"The number of false positives due to detection errors is highly unlikely to be significantly reduced unless the number of repetitions is so large that the detection stops being effective. Given the large amount of messages sent in these platforms (in the order of billions), one can expect a very large amount of false alarms (in the order of millions)," they write, pointing out that the platforms likely to end up slapped with a detection order can have millions or even billions of users, such as Meta-owned WhatsApp.

"Given that there has not been any public information on the performance of the detectors that could be used in practice, let us imagine we would have a detector for CSAM and grooming, as stated in the proposal, with just a 0.1% False Positive rate (i.e., one in a thousand times, it incorrectly classifies non-CSAM as CSAM), which is much lower than any currently known detector.

"Given that WhatsApp users send 140 billion messages per day, even if only 1 in hundred would be a message tested by such detectors, there would be 1.4 million false positives every single day. To get the false positives down to the hundreds, statistically one would have to identify at least 5 repetitions using different, statistically independent images or detectors. And this is only for WhatsApp -- if we consider other messaging platforms, including email, the number of necessary repetitions would grow significantly to the point of not effectively reducing the CSAM sharing capabilities."

Another Council proposal to limit detection orders to messaging apps deemed "high-risk" is a useless revision, in the signatories' view, as they argue it'll likely still "indiscriminately affect a massive number of people." Here they point out that only standard features, such as image sharing and text chat, are required for the exchange of CSAM -- features that are widely supported by many service providers, meaning a high risk categorization will "undoubtedly impact many services."

They also point out that adoption of E2EE is increasing, which they suggest will increase the likelihood of services that roll it out being categorized as high risk. "This number may further increase with the interoperability requirements introduced by the Digital Markets Act that will result in messages flowing between low-risk and high-risk services. As a result, almost all services could be classified as high risk," they argue. (NB: Message interoperability is a core plank of the EU's DMA.)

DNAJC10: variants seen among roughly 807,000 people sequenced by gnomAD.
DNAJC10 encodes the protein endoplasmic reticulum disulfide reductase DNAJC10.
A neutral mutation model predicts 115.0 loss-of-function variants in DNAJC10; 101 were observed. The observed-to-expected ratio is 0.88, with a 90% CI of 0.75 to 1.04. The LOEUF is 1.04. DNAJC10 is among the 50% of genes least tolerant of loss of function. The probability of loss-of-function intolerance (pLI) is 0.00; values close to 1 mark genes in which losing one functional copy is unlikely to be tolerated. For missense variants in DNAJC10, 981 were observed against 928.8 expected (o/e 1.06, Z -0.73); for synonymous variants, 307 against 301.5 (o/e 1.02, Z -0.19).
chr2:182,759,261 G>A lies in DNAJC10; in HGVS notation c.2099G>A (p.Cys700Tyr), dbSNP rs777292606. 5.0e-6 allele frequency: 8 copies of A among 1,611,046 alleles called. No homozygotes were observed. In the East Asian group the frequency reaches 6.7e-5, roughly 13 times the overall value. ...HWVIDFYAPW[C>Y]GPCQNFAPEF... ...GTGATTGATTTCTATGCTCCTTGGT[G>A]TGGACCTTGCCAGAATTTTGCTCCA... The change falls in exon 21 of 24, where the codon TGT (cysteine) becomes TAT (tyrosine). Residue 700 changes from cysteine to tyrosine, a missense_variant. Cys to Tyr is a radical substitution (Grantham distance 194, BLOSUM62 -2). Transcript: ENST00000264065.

A backdoor for the backdoor

As for safeguarding encryption, the letter reiterates the message that security and privacy experts have been repeatedly yelling at lawmakers for years now: "Detection in end-to-end encrypted services by definition undermines encryption protection."

"The new proposal has as one of its goals to 'protect cyber security and encrypted data, while keeping services using end-to-end encryption within the scope of detection orders.' As we have explained before, this is an oxymoron," they emphasize. "The protection given by end-to-end encryption implies that no one other than the intended recipient of a communication should be able to learn any information about the content of such communication. Enabling detection capabilities, whether for encrypted data or for data before it is encrypted, violates the very definition of confidentiality provided by end-to-end encryption."

In recent weeks police chiefs across Europe have penned their own joint statement -- raising concerns about the expansion of E2EE and calling for platforms to design their security systems in such as way that they can still identify illegal activity and send reports on message content to law enforcement.

The intervention is widely seen as an attempt to put pressure on lawmakers to pass laws like the CSAM-scanning regulation.

Police chiefs deny they're calling for encryption to be backdoored but they haven't explained exactly which technical solutions they do want platforms to adopt to enable the sought for "lawful access." Squaring that circle puts a very wonky-shaped ball back in lawmakers' court.

If the EU continues down the current road -- so assuming the Council fails to change course, as MEPs have urged it to -- the consequences will be "catastrophic," the letter's signatories go on to warn. "It sets a precedent for filtering the Internet, and prevents people from using some of the few tools available to protect their right to a private life in the digital space; it will have a chilling effect, in particular to teenagers who heavily rely on online services for their interactions. It will change how digital services are used around the world and is likely to negatively affect democracies across the globe."

An EU source close to the Council was unable to provide insight on current discussions between Member States but noted there's a working party meeting on May 8 where they confirmed the proposal for a regulation to combat child sexual abuse will be discussed.